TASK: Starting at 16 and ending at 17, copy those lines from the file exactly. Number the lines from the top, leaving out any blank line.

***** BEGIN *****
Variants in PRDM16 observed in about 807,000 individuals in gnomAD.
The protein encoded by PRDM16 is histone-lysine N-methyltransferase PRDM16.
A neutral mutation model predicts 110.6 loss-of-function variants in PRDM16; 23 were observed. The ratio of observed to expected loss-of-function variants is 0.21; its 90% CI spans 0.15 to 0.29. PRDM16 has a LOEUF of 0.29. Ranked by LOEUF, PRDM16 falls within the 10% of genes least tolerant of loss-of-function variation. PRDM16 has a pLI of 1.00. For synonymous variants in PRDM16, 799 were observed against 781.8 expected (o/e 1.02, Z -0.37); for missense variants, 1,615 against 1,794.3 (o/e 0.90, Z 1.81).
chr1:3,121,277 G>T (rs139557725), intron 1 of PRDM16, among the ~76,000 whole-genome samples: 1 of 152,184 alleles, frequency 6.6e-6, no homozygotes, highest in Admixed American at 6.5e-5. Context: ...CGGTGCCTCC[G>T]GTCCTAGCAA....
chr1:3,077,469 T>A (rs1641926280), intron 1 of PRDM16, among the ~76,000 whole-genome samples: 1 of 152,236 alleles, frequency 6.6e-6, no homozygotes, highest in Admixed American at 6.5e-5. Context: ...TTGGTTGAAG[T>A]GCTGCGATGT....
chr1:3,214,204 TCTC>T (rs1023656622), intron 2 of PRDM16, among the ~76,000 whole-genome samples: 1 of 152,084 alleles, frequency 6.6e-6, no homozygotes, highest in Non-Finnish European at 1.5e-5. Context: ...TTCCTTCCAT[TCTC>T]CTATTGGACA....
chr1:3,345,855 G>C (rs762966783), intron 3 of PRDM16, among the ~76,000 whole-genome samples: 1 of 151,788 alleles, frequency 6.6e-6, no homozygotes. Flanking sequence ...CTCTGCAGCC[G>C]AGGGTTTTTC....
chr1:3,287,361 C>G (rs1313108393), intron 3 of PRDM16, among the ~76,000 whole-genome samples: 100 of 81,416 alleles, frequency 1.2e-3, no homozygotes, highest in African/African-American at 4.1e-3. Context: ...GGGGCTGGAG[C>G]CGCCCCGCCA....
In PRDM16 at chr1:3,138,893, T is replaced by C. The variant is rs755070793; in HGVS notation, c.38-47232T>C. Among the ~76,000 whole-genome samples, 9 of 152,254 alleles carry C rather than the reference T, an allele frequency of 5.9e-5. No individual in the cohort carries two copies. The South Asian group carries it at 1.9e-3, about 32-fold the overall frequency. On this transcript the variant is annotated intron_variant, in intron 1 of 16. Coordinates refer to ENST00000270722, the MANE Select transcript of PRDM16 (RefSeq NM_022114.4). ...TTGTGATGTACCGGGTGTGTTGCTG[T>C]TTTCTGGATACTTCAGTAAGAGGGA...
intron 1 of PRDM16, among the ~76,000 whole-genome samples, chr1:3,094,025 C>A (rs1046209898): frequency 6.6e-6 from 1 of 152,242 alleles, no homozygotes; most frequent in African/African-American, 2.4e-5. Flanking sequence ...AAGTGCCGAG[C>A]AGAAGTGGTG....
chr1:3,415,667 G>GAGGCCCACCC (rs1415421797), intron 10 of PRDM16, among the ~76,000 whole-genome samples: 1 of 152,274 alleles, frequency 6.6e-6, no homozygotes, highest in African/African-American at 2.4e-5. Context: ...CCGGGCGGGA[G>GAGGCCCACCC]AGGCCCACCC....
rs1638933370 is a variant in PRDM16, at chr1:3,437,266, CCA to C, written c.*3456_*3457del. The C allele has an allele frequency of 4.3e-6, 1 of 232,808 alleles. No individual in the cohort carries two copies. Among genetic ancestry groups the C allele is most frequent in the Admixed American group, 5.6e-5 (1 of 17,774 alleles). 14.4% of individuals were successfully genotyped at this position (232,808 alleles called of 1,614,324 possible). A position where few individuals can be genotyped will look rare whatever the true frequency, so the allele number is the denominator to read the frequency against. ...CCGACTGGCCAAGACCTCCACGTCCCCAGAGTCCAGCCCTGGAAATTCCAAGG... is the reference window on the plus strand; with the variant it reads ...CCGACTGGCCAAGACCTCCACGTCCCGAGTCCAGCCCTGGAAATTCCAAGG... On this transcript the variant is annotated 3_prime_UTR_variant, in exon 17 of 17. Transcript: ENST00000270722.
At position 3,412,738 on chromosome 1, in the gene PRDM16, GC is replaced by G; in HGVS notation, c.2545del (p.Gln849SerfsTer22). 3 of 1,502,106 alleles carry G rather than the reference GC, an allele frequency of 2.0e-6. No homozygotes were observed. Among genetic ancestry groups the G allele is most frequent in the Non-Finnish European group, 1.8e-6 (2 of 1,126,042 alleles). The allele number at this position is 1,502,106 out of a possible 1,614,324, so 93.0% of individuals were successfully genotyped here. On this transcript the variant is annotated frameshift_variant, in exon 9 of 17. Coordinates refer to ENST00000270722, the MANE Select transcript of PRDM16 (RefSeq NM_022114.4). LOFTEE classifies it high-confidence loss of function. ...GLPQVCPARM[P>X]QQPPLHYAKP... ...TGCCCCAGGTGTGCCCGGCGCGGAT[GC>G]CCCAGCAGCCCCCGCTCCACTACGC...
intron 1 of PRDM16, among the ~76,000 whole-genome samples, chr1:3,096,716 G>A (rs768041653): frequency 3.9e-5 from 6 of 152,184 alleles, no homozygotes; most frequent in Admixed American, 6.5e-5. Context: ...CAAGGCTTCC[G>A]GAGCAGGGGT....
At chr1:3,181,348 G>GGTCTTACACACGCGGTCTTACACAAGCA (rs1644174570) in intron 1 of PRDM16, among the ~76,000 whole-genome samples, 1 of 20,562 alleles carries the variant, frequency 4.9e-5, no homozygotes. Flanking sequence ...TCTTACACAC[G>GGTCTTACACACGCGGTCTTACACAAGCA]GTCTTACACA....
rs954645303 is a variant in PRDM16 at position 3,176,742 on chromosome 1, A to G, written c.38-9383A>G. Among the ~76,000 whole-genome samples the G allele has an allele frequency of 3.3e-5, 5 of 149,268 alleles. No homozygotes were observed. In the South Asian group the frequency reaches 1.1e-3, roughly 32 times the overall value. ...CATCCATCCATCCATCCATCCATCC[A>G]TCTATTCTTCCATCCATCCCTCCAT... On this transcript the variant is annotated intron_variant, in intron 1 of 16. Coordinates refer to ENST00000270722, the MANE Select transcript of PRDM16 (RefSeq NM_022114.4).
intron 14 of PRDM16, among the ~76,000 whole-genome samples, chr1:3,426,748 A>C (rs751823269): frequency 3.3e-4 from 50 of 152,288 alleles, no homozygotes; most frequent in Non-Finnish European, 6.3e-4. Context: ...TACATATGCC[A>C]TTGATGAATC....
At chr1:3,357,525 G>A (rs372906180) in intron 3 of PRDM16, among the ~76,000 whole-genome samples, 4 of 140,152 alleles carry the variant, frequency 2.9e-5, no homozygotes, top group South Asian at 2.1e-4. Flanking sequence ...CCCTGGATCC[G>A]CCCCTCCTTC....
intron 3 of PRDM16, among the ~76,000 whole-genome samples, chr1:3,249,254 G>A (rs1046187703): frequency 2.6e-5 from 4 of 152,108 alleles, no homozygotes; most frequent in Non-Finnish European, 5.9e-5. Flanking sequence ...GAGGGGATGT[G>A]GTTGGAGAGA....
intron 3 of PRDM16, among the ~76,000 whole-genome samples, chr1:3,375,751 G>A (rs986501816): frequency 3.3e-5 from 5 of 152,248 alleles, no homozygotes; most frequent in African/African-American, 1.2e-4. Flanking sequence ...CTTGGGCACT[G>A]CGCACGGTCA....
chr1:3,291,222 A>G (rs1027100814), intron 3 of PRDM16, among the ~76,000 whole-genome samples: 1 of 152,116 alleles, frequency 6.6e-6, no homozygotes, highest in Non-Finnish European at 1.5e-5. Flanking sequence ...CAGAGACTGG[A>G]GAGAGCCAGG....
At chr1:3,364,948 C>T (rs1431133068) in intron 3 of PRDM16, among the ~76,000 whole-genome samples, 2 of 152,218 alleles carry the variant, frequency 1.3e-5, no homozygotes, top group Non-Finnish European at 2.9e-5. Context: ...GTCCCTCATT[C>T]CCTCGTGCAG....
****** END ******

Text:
rs954645303 is a variant in PRDM16 at position 3,176,742 on chromosome 1, A to G, written c.38-9383A>G. Among the ~76,000 whole-genome samples the G allele has an allele frequency of 3.3e-5, 5 of 149,268 alleles. No homozygotes were observed. In the South Asian group the frequency reaches 1.1e-3, roughly 32 times the overall value. ...CATCCATCCATCCATCCATCCATCC[A>G]TCTATTCTTCCATCCATCCCTCCAT... On this transcript the variant is annotated intron_variant, in intron 1 of 16. Coordinates refer to ENST00000270722, the MANE Select transcript of PRDM16 (RefSeq NM_022114.4).
intron 14 of PRDM16, among the ~76,000 whole-genome samples, chr1:3,426,748 A>C (rs751823269): frequency 3.3e-4 from 50 of 152,288 alleles, no homozygotes; most frequent in Non-Finnish European, 6.3e-4. Context: ...TACATATGCC[A>C]TTGATGAATC....